From the beginning: I came to art school as a painter, photographer, and theater kid. The School of the Museum of Fine Arts, Boston was perfect because it was emphatically interdisciplinary; we had no majors, no required classes, and no grades. I focused on painting, but became very interested in the history and contemporary practice of performance art and sound art. In my academic coursework at Tufts University, I studied art history, creative writing, and philosophy.
When I moved to DC in 2011, I looked for the weirdo experimental performance scene like I had known in Boston. When I didn’t find what I wanted, I started organizing performance art events. For several years, I organized a monthly performance series at a nonprofit gallery in Dupont Circle. In 2013, I curated a major performance art festival in Rosslyn, VA called SuperNOVA, produced by Pink Line Project and sponsored by the Rosslyn BID. I curated events and exhibitions at galleries and alternative venues in DC, Baltimore, NYC, and Boston.
By 2014, I’d started to explore my own performance practice. My most significant work that year, Persephone, was part of the Capital Fringe Festival. Persephone was comprised of six different live performances in collaboration with six different artists with backgrounds in visual art, dance, and political activism. We drew on different aspects of the Greek myth to make works that dealt with themes of vulnerability and empowerment, death and rebirth, and isolation and togetherness.
Also in 2014, I entered the Master in Fine Arts program at George Washington University, where I leaned into the sound components of my performance work and spent a summer studying contemporary dance. My thesis exhibition consisted of an immersive installation and a series of sound and movement performances. The work explored noise as stand-in for non-conforming gender and noise as an alternative to normative meaning-making.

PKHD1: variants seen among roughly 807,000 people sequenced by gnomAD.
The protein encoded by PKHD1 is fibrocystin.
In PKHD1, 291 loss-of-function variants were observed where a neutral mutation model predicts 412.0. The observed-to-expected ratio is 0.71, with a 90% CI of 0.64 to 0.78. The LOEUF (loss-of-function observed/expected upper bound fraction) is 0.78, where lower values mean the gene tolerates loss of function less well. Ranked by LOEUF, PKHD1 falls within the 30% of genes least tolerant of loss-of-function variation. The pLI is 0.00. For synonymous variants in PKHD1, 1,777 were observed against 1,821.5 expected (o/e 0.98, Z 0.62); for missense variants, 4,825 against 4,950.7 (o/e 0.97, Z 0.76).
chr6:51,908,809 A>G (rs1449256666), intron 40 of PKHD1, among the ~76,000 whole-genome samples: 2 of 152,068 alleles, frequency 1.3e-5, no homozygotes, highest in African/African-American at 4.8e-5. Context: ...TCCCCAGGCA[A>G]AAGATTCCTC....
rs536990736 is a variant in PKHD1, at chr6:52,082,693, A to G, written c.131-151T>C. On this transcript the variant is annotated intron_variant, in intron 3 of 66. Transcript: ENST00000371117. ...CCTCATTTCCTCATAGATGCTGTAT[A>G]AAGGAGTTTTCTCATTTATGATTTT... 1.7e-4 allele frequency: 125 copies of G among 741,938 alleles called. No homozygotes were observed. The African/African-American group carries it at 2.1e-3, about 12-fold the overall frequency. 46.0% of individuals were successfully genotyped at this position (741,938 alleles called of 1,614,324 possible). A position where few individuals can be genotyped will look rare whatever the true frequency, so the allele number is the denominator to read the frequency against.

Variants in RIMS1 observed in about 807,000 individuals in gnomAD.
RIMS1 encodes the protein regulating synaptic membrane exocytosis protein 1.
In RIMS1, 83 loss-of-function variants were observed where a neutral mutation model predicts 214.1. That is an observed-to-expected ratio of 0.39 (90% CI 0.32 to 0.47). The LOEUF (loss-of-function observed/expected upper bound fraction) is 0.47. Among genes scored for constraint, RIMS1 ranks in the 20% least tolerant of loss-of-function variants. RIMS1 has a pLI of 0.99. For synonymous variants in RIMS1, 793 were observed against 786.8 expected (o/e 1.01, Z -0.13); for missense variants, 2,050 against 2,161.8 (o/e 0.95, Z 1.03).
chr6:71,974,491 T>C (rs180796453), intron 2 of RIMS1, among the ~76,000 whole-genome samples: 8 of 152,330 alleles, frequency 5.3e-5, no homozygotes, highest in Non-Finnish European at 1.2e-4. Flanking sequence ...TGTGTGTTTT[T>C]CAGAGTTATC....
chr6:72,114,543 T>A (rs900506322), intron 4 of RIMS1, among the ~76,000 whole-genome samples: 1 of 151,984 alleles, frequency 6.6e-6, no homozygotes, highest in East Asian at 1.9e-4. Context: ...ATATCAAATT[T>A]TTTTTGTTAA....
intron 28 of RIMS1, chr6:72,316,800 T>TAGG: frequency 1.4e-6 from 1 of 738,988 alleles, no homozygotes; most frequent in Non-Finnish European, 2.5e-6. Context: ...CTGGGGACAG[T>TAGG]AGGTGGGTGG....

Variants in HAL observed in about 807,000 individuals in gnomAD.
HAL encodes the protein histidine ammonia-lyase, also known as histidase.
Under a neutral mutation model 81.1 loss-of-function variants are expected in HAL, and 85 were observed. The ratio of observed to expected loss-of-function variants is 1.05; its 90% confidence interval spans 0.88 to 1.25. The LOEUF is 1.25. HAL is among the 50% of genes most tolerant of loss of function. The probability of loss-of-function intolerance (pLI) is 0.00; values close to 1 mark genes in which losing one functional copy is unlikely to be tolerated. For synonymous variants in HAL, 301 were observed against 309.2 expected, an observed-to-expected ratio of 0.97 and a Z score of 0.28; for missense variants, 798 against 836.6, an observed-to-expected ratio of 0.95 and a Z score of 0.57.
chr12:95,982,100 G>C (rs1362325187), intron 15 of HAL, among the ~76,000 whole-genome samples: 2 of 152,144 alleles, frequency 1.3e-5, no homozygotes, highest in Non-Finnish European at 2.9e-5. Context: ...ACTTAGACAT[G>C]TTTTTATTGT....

Between 2013 and 2018, I performed alone or in collaboration at galleries and venues including in New York, NY; Boston, MA; Kansas City, MO; Houston, TX; Chicago, IL; Richmond, VA; Philadelphia, PA; Baltimore, MD; Washington, DC; Montreal, QC; and Venice, Italy. Events included the High Zero Festival of Experimental Improvised Music (Baltimore), Sonic Circuits Festival (DC), the Foggy Bottom Outdoor Sculpture Biennial (DC), Ende Tymes Festival (NYC), and many more.
At the same time, I revived my old painting practice. While the performance work I was doing was literally loud and dark and psychologically taxing, I started painting again out of a plain pursuit of pleasure in material, content, and form. My focus remained on the body and on relationships and interaction, but my painting brought the humor that was latent in my performance to the forefront. I continued to perform for a while longer, but by 2016 the focus of my personal practice largely shifted to painting.
Following grad school, I was an emerging curator at VisArts in Rockville, MD; an artist-in-residence at Halcyon Arts Lab in DC; a curatorial summer intern at MoMA in the Media & Performance Art department; a Suzanne Fiol Curatorial fellow at ISSUE Project Room in Brooklyn, NY; and a curator in the Queer | Art | Mentorship program in NYC. I also worked in nonprofits and arts administration in DC and NYC.
Then I applied to law school. Fundamentally, I’m interested in learning. That’s why I’m an artist, curator, whatever - the best thing in life is to acquire a piece of knowledge, however big or small, that alters how you experience or interact with the world.
In 2021, I came to American University, Washington College of Law as a 2024 JD candidate on a Dean’s Merit Scholarship. My hopes for a challenging and rewarding academic environment have been exceeded. As a nontraditional student, I’m stunned to be among the top of my class. I’m interested in art-related law, of course, but also much more. My commitment to the arts has rarely been about the business or transaction as it has been about the ideas, the community, the joy in sharing (in really interesting ways) stuff that is just really interesting.
I’m taking a break from showing work because of law school. But, I’m stewing. I’m learning. Highly recommend going to law school to the insatiable but patient artists out there.
Michael Dax Iacovone, Touchy Subjects, BMore Art (2014)
Christina Cauterucci, The People Issue, Washington City Paper (2014)
Andy Johnson, A Queer Celebration of Filth and Resistance, DirtDMV (2017)
Anna Cahn, Emerging LGBTQ Artists Find Hope Amid a Grim Political Landscape, Hyperallergic (2018)